First up Ballarat success
Trainers Tony & Calvin McEvoy celebrated the birth of their new Ballarat stable in Victoria with a win with the first runner from the establishment.
Two-year-old Pegasi lined up at Geelong in the bet365 Odds Drift Protector Maiden (1147m) and led throughout, but not without incident.
The horses went to the gate for the running of the race, but a rider was dislodged from another starter forcing a hold up at which time a rainstorm, with hail, swept the course.
With the delay while the injured jockey was taken to hospital, horses returned to their stalls before heading out again to race.
Pegasi, a drifter from $6 to $10, ridden by Dean Holland, showed great speed to cross from an outside gate and lead clearly, showing the pace of his half-brother, the Moonee Valley 955 metre record holder Meteorite, also trained by the McEvoys.
Holland asked the colt to sprint turning for home and Pegasi did enough to win by a half-length from Light Saber ($5,.50) with Tranquil Bay ($2.30) a half-head away third.
After training out of Flemington in Melbourne for a decade, the McEvoy Mitchell operation decided to move to new Ballarat stables and the complex welcomed its first horses earlier in the week.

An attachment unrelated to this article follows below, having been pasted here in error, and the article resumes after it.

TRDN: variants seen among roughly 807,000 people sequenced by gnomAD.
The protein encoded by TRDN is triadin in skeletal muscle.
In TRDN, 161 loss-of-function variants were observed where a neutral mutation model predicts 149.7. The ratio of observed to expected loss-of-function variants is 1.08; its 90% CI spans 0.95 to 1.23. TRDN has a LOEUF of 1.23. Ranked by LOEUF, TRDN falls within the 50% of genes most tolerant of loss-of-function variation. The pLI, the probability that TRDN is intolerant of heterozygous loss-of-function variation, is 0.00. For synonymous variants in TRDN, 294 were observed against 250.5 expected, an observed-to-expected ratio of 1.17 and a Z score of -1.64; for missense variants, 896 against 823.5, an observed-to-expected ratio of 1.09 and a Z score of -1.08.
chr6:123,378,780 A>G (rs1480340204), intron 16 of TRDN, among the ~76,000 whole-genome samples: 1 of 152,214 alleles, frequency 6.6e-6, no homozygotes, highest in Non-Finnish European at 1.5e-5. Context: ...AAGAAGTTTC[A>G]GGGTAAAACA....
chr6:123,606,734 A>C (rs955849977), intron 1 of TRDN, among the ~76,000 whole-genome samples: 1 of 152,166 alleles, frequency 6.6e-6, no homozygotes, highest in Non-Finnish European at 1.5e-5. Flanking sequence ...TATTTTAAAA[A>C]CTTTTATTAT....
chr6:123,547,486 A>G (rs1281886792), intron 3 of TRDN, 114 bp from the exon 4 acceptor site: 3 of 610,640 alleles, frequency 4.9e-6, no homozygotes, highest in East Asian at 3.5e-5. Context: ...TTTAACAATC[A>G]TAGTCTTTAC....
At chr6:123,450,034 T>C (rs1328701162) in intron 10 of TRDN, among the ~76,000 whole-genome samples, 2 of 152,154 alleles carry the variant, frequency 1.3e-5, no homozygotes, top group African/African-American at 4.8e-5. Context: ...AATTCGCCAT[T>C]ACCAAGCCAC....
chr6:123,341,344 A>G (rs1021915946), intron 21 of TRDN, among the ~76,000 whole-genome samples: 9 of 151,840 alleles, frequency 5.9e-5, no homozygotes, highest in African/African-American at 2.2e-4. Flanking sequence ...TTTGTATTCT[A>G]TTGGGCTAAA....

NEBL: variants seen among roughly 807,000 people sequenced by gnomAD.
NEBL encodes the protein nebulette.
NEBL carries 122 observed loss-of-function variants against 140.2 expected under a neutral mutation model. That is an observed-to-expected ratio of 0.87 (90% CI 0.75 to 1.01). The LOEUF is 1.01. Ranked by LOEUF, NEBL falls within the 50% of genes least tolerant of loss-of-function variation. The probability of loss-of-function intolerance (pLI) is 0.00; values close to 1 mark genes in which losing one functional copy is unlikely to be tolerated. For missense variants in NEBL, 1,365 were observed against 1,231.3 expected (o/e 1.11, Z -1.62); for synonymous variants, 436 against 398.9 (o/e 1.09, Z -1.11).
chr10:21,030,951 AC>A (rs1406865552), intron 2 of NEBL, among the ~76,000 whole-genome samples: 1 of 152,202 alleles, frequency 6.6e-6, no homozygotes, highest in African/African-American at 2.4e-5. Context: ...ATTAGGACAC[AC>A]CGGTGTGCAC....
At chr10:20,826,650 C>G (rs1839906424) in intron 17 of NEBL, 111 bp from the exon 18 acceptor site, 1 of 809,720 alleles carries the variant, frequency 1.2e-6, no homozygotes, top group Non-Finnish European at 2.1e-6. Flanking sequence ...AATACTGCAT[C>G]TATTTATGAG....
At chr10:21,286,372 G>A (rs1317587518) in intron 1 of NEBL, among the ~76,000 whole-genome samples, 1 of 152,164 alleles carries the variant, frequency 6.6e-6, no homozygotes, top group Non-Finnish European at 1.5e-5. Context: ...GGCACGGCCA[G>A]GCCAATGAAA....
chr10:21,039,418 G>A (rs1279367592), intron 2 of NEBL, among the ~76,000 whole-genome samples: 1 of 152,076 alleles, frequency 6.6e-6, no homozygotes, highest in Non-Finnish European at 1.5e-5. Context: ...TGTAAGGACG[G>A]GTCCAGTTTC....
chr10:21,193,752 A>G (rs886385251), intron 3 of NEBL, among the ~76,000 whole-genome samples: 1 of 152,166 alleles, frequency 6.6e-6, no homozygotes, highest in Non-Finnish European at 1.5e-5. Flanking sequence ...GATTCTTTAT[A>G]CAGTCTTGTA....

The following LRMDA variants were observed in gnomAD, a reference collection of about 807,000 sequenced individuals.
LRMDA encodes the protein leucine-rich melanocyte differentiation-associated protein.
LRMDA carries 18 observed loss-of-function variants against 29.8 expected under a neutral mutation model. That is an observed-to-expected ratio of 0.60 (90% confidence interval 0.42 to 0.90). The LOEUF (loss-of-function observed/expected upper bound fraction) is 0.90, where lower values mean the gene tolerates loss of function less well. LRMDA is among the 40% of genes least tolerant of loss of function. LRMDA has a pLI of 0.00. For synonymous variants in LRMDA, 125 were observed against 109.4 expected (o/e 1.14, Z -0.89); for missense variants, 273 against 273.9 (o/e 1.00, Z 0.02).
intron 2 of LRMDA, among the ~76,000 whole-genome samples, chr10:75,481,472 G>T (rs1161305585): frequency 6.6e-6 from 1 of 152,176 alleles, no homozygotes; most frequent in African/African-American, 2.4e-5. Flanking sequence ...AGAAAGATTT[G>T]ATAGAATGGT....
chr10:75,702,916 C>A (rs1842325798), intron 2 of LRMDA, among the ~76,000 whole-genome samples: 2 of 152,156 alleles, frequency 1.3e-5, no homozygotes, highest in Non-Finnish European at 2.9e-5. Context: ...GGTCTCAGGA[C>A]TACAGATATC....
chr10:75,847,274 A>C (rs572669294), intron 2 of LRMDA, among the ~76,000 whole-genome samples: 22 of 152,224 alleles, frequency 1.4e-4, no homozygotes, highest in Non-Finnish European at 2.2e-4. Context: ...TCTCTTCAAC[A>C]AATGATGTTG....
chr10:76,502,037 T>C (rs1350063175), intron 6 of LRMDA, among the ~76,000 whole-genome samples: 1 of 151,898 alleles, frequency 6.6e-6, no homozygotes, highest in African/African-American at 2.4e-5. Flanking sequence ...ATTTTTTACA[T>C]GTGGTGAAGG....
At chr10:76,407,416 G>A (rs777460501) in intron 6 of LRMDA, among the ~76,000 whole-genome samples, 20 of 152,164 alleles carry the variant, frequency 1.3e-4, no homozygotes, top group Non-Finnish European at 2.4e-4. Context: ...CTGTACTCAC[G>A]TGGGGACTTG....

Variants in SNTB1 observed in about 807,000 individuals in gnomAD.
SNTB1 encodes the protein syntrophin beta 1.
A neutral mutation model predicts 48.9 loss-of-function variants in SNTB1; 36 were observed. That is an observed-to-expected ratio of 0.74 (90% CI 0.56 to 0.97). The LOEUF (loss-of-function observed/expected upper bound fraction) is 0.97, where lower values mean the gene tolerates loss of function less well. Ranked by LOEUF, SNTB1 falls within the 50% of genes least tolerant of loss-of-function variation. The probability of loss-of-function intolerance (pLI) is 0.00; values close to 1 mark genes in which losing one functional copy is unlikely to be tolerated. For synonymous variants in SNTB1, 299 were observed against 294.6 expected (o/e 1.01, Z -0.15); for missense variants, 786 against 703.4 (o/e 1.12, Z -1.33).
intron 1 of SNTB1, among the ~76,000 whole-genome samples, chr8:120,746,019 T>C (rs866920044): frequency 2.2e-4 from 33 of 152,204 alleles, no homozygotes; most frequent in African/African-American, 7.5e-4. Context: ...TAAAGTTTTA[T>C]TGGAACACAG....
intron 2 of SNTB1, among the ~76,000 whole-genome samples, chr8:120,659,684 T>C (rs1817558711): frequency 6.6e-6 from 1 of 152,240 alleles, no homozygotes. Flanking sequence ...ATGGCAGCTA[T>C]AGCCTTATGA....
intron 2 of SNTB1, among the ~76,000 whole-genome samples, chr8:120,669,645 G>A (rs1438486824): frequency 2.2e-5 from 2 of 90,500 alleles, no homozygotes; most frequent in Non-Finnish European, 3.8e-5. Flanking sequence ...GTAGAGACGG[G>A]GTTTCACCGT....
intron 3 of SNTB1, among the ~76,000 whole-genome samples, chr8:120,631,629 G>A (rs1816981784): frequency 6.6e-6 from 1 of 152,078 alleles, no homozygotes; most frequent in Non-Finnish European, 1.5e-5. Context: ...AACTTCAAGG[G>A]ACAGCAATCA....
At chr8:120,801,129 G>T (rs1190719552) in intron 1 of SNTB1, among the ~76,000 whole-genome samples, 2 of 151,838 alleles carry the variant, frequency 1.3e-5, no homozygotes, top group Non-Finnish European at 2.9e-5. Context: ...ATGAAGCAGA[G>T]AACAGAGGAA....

Finn McCarthy, stable spokesperson for McEvoy Mitchell Racing, said the win by Pegasi, which was having its second start, had been fantastic for the new Ballarat stable.
“It is terrific to get off to a good start for the new yard,” McCarthy said.
“We thought this guy would learn a lot from his last run.
“He did quite a bit wrong, but he learned an awful lot from it and was very good today.
“The race experience definitely counted for him today.
“He took everything in, especially with the delay
“He handled himself very well but showed a lot of natural speed and was too good.
“We’ve always had a good opinion of this fellow, he will definitely learn again from this race and hopefully he can go on with it.”
Winning jockey Dean Holland praised the professionalism of Pegasi.
“It was a credit to all trainers in the race,” Holland said.
“The horses were very well educated, and we were lucky because it was pretty hectic weather.
“My bloke kept it together.
“I had him with the pony going back to the mounting yard then just trotted him around the second time.
“He threw his head up at the start but didn’t lose any momentum.
“After three strides he nipped across them, and like I said, very well educated and it made my job a lot easier.”